If that comes across as a little pompous, then apologies. But also, fuck you. The Empire Strikes Back deserves every ounce of pomp heaped on it over the last 35 years, and I'm not about to change that. It's not alone in being a truly perfect sequel, but it is one of a mere handful: how so few franchises have failed to grasp its aims, its achievements and the efficiency of its setup is a complete mystery. Every character and their connections to each other are deepened, the significance of every action is weightier and everything is accomplished with cast iron confidence, despite the inherent risks: front-loading a massive sci-fi sequel with what should be its climactic battle so that the final act's focus can fall on the relationship between a father and a son is so ballsy that over three decades later, most blockbusters still daren't try anything similar. You can blame Star Wars for the dumbing down of populist cinema if you like, but The Empire Strikes Back showed the world a smarter alternative which seems to have been largely ignored. Even George Lucas can't be held responsible for that.
Even Darth Vader is briefly humanised, that awkward shot of his boiled-egg bonce revealing him to be some kind of person after all, and it's the first step into the wider world of Vader's character that ends with his heroism at Return Of The Jedi's climax. Or maybe he's just trying to having a shit in peace for once without some underling reporting their latest failure, I dunno. Second-tierers Chewie, R2-D2 and C-3PO don't get much chance to evolve - in fact 3PO is so extraneous to the plot that Brackett and Kasdan have to blow him up to get him out of the way - but in their place comes Yoda, a miracle of puppeteering that could have derailed the film entirely had it been any less perfectly accomplished.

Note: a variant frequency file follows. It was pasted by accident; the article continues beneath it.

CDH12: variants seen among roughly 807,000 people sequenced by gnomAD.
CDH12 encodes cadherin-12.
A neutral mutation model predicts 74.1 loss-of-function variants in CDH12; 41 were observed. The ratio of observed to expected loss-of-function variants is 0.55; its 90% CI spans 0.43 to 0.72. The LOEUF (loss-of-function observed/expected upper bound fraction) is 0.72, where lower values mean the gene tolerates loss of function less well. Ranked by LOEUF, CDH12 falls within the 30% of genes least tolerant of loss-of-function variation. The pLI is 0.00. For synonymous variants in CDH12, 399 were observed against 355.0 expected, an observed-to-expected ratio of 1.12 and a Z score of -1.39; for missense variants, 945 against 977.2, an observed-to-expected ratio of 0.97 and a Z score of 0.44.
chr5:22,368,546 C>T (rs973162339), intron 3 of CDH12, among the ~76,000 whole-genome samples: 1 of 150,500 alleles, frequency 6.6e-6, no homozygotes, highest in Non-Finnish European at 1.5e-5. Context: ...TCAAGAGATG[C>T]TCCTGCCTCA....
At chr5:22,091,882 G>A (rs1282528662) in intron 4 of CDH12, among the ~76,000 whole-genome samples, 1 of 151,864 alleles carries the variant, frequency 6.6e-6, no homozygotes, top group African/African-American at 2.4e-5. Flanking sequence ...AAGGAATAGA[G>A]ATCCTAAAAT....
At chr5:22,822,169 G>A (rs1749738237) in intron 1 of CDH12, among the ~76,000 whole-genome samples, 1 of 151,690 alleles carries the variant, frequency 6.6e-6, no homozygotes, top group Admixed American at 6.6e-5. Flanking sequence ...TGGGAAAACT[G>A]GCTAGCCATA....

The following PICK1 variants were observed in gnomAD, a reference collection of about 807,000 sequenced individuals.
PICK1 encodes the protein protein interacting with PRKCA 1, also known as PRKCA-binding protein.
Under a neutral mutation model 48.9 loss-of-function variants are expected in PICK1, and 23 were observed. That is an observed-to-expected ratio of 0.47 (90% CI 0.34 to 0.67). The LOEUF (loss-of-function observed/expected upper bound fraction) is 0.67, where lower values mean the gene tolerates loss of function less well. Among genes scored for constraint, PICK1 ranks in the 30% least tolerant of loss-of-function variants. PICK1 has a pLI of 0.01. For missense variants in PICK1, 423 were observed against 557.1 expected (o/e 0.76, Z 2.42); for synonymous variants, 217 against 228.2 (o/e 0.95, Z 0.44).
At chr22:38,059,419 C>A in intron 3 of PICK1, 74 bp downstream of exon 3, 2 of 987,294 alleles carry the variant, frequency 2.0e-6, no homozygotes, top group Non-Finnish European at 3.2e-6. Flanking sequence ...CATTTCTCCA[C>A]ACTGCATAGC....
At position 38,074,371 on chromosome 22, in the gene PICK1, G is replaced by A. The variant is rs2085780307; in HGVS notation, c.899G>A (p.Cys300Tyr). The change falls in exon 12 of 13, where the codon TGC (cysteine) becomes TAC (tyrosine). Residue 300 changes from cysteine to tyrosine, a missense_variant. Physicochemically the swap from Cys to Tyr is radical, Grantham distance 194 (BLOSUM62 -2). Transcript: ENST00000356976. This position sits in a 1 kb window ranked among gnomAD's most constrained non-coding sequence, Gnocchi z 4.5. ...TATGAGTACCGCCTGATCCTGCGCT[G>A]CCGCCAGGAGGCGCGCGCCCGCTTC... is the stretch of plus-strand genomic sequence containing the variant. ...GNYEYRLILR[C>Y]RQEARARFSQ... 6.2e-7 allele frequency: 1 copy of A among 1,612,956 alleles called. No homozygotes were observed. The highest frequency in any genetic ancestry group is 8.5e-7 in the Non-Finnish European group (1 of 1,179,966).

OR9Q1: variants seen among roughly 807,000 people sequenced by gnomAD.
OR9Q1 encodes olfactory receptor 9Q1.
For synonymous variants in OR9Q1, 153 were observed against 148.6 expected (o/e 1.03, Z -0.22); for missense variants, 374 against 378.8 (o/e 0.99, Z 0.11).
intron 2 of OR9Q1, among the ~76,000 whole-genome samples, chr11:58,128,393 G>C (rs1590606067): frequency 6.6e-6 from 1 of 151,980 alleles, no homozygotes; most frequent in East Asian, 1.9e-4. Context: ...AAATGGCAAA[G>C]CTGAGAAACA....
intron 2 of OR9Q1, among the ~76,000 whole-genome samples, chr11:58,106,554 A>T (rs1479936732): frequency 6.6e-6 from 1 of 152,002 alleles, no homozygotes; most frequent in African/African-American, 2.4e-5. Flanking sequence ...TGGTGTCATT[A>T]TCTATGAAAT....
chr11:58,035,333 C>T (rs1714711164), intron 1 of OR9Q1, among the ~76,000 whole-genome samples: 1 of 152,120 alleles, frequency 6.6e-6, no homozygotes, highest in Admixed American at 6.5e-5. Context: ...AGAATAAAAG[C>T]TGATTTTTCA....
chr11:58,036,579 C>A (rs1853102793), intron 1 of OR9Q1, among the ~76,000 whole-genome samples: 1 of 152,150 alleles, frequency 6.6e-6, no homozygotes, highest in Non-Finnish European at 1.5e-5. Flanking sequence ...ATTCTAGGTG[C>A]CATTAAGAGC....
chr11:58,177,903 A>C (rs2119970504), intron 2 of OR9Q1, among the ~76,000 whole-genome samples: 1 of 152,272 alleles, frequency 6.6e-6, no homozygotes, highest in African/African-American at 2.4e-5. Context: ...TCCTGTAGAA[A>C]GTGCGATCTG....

As with the self-reflexive nature of A New Hope's David vs Goliath / Rebellion vs Empire / George Lucas vs Hollywood plot, here we see a young man learning the extent of his powers and working out how best to employ them. It's hard not to see Luke's failure at the cave as an ironic signposting of ill-advised decisions Lucas would make himself in the years to come, but for now the bearded genius is still just that. His decision to send his principal characters their separate ways at the climax is as audacious and inspired as all the others he's made up to this point, ensuring that a) the final act of his trilogy is primed and ready to unfold, and b) the green light for another film would be guaranteed by fan pressure, if nothing else. You might say, haha, that the force, right, is strong with thi- (*record scratch*)
"This is no cave"
"I love you" / "I know"100 Greatest Movie Quotes Of All Time listicle, yet "I love lamp" did. Work that one out if you can.
The carbon freeze
The Imperial MarchOh hi I'm John Williams and I've just tossed off the best piece of music in the entire history and future of cinema. Care for a mint?
What is the point of all this? I'll tell you. (short answer: no point)